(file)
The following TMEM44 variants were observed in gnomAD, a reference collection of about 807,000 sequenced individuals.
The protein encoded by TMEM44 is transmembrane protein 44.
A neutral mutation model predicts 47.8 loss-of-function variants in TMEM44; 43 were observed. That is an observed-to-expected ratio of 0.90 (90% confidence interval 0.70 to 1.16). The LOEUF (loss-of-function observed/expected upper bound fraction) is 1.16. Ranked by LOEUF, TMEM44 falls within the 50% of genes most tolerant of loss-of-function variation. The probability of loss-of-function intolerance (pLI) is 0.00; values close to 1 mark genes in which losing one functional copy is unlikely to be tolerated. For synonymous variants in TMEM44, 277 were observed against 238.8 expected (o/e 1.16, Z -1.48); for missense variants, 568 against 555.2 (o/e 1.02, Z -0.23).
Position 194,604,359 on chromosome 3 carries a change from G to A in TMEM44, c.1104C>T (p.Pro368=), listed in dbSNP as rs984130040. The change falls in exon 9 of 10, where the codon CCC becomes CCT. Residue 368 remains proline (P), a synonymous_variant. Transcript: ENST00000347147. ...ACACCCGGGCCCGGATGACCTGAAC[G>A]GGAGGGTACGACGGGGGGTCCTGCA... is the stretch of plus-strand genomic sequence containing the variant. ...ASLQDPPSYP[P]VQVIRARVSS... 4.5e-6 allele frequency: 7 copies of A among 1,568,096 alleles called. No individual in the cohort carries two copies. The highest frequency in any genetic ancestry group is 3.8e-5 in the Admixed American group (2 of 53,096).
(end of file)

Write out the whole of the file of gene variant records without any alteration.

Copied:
The following TMEM44 variants were observed in gnomAD, a reference collection of about 807,000 sequenced individuals.
The protein encoded by TMEM44 is transmembrane protein 44.
A neutral mutation model predicts 47.8 loss-of-function variants in TMEM44; 43 were observed. That is an observed-to-expected ratio of 0.90 (90% confidence interval 0.70 to 1.16). The LOEUF (loss-of-function observed/expected upper bound fraction) is 1.16. Ranked by LOEUF, TMEM44 falls within the 50% of genes most tolerant of loss-of-function variation. The probability of loss-of-function intolerance (pLI) is 0.00; values close to 1 mark genes in which losing one functional copy is unlikely to be tolerated. For synonymous variants in TMEM44, 277 were observed against 238.8 expected (o/e 1.16, Z -1.48); for missense variants, 568 against 555.2 (o/e 1.02, Z -0.23).
Position 194,604,359 on chromosome 3 carries a change from G to A in TMEM44, c.1104C>T (p.Pro368=), listed in dbSNP as rs984130040. The change falls in exon 9 of 10, where the codon CCC becomes CCT. Residue 368 remains proline (P), a synonymous_variant. Transcript: ENST00000347147. ...ACACCCGGGCCCGGATGACCTGAAC[G>A]GGAGGGTACGACGGGGGGTCCTGCA... is the stretch of plus-strand genomic sequence containing the variant. ...ASLQDPPSYP[P]VQVIRARVSS... 4.5e-6 allele frequency: 7 copies of A among 1,568,096 alleles called. No individual in the cohort carries two copies. The highest frequency in any genetic ancestry group is 3.8e-5 in the Admixed American group (2 of 53,096).